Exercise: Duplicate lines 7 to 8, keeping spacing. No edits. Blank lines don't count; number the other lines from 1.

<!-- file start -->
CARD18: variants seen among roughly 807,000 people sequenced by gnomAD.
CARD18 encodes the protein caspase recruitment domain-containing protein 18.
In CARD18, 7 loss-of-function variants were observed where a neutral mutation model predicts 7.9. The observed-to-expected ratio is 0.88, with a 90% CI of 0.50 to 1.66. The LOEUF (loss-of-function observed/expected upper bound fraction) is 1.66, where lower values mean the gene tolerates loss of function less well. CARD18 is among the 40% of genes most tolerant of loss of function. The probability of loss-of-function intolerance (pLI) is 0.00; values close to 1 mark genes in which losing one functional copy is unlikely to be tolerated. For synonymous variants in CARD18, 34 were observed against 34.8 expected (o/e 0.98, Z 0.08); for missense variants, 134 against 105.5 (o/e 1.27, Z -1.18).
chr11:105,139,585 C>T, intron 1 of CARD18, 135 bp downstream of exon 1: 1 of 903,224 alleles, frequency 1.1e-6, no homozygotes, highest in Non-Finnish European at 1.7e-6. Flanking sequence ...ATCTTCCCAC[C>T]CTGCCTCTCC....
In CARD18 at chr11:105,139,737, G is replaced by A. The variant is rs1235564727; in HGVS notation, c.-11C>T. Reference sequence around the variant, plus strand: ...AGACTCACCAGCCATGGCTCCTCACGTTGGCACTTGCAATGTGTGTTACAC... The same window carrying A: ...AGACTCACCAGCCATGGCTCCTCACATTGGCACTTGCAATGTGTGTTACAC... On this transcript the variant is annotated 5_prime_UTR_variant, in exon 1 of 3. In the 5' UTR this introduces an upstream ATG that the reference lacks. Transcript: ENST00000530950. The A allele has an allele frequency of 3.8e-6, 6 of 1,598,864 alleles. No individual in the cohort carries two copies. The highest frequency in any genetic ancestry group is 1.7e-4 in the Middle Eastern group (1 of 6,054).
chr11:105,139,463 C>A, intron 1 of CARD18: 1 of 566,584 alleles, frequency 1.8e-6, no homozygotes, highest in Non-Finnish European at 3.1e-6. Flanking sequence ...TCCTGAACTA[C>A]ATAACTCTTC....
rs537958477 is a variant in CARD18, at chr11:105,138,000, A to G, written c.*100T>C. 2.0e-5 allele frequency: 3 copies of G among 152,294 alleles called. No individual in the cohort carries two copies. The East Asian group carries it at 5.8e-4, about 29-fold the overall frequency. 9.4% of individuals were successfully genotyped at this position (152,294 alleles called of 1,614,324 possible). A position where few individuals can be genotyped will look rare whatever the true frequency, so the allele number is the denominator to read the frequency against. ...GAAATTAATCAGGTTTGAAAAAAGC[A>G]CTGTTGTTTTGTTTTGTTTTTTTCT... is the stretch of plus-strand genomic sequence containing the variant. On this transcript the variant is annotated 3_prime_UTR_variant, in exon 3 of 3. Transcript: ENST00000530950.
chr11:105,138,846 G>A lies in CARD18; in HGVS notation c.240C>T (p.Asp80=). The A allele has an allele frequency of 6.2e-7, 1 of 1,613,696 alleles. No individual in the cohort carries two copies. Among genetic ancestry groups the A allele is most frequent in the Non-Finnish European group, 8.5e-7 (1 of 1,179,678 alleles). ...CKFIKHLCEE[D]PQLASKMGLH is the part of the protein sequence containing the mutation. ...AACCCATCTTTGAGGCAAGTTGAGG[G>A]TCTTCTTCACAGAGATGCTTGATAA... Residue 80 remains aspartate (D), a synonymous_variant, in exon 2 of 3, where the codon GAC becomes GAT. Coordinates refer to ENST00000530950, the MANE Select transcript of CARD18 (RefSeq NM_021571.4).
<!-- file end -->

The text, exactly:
rs537958477 is a variant in CARD18, at chr11:105,138,000, A to G, written c.*100T>C. 2.0e-5 allele frequency: 3 copies of G among 152,294 alleles called. No individual in the cohort carries two copies. The East Asian group carries it at 5.8e-4, about 29-fold the overall frequency. 9.4% of individuals were successfully genotyped at this position (152,294 alleles called of 1,614,324 possible). A position where few individuals can be genotyped will look rare whatever the true frequency, so the allele number is the denominator to read the frequency against. ...GAAATTAATCAGGTTTGAAAAAAGC[A>G]CTGTTGTTTTGTTTTGTTTTTTTCT... is the stretch of plus-strand genomic sequence containing the variant. On this transcript the variant is annotated 3_prime_UTR_variant, in exon 3 of 3. Transcript: ENST00000530950.
chr11:105,138,846 G>A lies in CARD18; in HGVS notation c.240C>T (p.Asp80=). The A allele has an allele frequency of 6.2e-7, 1 of 1,613,696 alleles. No individual in the cohort carries two copies. Among genetic ancestry groups the A allele is most frequent in the Non-Finnish European group, 8.5e-7 (1 of 1,179,678 alleles). ...CKFIKHLCEE[D]PQLASKMGLH is the part of the protein sequence containing the mutation. ...AACCCATCTTTGAGGCAAGTTGAGG[G>A]TCTTCTTCACAGAGATGCTTGATAA... Residue 80 remains aspartate (D), a synonymous_variant, in exon 2 of 3, where the codon GAC becomes GAT. Coordinates refer to ENST00000530950, the MANE Select transcript of CARD18 (RefSeq NM_021571.4).